In November 2004, a 26-year old Dutch-Moroccan named Mohammed Bouyeri ambushed filmmaker Theo Van Goh as he rode his bike to work. Bouyeri shot the filmmaker eight times with a handgun, and, as he lay dying, attempted to decapitate him with a large knife. Death was the treatment Van Goh earned for directing a movie that criticized Islam’s treatment of women. In both 2005 and 2007, European newspapers that ran cartoons featuring likenesses of Mohammed were met with riots and death threats. In April 2010, Comedy Central censored images of Mohammed, bleeped out his name, and—ironically—cut a final speech about standing up to intimidation and fear from an episode of South Park, in part because of death threats against the show’s writers.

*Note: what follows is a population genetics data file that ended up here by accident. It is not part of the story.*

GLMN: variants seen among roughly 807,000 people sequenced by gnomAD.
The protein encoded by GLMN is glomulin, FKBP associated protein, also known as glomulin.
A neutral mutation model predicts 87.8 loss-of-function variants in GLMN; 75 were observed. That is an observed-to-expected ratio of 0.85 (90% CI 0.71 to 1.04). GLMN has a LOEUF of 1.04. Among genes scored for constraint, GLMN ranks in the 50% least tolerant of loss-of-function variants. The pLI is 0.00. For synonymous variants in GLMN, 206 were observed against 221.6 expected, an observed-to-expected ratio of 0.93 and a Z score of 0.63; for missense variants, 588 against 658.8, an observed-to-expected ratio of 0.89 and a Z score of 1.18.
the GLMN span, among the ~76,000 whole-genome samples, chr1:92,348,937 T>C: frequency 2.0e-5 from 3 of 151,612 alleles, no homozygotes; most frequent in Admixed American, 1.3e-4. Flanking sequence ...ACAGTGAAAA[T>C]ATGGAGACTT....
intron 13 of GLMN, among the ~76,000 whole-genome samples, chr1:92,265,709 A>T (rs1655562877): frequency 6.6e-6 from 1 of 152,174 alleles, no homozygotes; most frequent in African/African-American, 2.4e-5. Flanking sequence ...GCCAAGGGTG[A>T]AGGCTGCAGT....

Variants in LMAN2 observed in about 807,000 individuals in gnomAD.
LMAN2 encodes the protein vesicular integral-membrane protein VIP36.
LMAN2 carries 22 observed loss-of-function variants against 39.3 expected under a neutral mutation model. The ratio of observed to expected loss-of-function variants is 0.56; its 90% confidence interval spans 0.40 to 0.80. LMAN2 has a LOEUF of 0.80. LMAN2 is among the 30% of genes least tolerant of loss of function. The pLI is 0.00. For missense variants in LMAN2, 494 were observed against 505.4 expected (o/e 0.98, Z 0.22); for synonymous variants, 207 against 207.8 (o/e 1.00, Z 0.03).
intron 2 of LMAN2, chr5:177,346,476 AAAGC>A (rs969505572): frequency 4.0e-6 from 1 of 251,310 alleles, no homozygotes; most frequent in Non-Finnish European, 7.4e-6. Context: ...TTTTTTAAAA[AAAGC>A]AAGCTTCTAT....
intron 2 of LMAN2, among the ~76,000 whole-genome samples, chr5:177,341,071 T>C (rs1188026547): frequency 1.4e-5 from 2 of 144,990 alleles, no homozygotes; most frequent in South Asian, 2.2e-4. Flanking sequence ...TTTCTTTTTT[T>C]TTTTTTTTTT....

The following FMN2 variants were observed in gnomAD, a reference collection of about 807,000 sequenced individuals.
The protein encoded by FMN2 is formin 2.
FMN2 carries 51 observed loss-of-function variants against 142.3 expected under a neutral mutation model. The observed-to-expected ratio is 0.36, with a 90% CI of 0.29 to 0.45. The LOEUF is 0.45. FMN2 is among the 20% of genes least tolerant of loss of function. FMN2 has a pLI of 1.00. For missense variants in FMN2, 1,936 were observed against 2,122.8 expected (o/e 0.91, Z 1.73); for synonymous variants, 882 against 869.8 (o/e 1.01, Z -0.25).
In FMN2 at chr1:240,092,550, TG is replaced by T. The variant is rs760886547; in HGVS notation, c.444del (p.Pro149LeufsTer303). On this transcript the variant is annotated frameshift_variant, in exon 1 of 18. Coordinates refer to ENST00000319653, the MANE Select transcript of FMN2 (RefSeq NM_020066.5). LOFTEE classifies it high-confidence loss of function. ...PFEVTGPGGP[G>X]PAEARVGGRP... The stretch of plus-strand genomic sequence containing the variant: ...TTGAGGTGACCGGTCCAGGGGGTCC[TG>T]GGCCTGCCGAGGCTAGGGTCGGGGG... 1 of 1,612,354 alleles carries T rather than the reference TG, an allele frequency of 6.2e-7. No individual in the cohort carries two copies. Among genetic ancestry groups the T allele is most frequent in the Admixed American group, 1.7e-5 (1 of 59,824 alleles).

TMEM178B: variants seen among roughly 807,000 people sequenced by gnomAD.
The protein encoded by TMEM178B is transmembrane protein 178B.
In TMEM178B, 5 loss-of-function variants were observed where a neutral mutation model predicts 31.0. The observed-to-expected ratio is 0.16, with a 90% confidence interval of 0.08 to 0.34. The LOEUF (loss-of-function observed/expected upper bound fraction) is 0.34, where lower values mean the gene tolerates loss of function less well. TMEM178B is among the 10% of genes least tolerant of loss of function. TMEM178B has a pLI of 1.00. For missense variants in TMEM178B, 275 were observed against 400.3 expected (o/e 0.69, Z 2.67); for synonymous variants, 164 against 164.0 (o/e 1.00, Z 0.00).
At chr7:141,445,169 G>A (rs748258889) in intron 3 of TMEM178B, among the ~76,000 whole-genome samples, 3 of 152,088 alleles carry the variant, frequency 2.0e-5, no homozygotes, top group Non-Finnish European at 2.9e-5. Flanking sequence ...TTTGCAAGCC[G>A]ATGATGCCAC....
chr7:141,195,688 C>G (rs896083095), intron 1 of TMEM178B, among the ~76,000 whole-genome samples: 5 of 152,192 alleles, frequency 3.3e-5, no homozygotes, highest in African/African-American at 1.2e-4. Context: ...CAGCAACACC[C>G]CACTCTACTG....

The other week, a poorly-made YouTube trailer for a movie called “The Innocence of Muslims” that distastefully portrays the prophet as a bloodthirsty pedophile hit the internet. Again, the mobs have spoken. Again, there are bodies in the street as the civilizing principles of decency and diplomatic immunity are gleefully discarded. In Libya, the United States ambassador was killed along with three American soldiers. In Egypt, Yemen, and Tunisia, crowds attacked the American embassy. In Sudan, apparently lacking either an American target or a map, a giant mob stormed the German embassy. Nineteen died in riots in Pakistan where rioters stoned a KFC and torched a church. Two American soldiers were killed in Afghanistan. Even here in Australia, a mob formed in downtown Sydney, attacking police officers with thrown rocks and clenched fists, smashing windows, and chanting “Obama, Obama, we love Osama,” a chorus of support for the tragic murder of three thousand innocent American men, women, and children just over eleven years ago. In the same protest a five-year-old girl held a poster that called for the beheading of those who would offend the prophet. All over a YouTube clip.